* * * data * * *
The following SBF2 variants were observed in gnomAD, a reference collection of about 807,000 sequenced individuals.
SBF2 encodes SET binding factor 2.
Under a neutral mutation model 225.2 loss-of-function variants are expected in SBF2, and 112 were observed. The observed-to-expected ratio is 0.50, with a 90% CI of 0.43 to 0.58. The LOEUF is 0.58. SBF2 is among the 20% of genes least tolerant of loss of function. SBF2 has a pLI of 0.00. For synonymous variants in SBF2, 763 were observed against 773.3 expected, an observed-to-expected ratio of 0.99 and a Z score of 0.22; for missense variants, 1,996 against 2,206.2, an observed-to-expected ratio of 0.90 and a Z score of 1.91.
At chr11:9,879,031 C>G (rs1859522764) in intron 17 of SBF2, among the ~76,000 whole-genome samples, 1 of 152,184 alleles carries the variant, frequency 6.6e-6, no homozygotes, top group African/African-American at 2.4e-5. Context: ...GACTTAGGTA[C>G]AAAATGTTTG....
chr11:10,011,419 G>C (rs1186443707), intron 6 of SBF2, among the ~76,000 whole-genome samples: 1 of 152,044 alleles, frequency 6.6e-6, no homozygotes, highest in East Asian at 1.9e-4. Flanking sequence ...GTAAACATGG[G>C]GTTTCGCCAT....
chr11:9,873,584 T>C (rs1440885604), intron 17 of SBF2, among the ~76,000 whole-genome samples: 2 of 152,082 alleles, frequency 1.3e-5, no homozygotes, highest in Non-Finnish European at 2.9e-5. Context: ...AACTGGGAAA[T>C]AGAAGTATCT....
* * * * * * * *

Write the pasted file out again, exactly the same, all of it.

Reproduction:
The following SBF2 variants were observed in gnomAD, a reference collection of about 807,000 sequenced individuals.
SBF2 encodes SET binding factor 2.
Under a neutral mutation model 225.2 loss-of-function variants are expected in SBF2, and 112 were observed. The observed-to-expected ratio is 0.50, with a 90% CI of 0.43 to 0.58. The LOEUF is 0.58. SBF2 is among the 20% of genes least tolerant of loss of function. SBF2 has a pLI of 0.00. For synonymous variants in SBF2, 763 were observed against 773.3 expected, an observed-to-expected ratio of 0.99 and a Z score of 0.22; for missense variants, 1,996 against 2,206.2, an observed-to-expected ratio of 0.90 and a Z score of 1.91.
At chr11:9,879,031 C>G (rs1859522764) in intron 17 of SBF2, among the ~76,000 whole-genome samples, 1 of 152,184 alleles carries the variant, frequency 6.6e-6, no homozygotes, top group African/African-American at 2.4e-5. Context: ...GACTTAGGTA[C>G]AAAATGTTTG....
chr11:10,011,419 G>C (rs1186443707), intron 6 of SBF2, among the ~76,000 whole-genome samples: 1 of 152,044 alleles, frequency 6.6e-6, no homozygotes, highest in East Asian at 1.9e-4. Flanking sequence ...GTAAACATGG[G>C]GTTTCGCCAT....
chr11:9,873,584 T>C (rs1440885604), intron 17 of SBF2, among the ~76,000 whole-genome samples: 2 of 152,082 alleles, frequency 1.3e-5, no homozygotes, highest in Non-Finnish European at 2.9e-5. Context: ...AACTGGGAAA[T>C]AGAAGTATCT....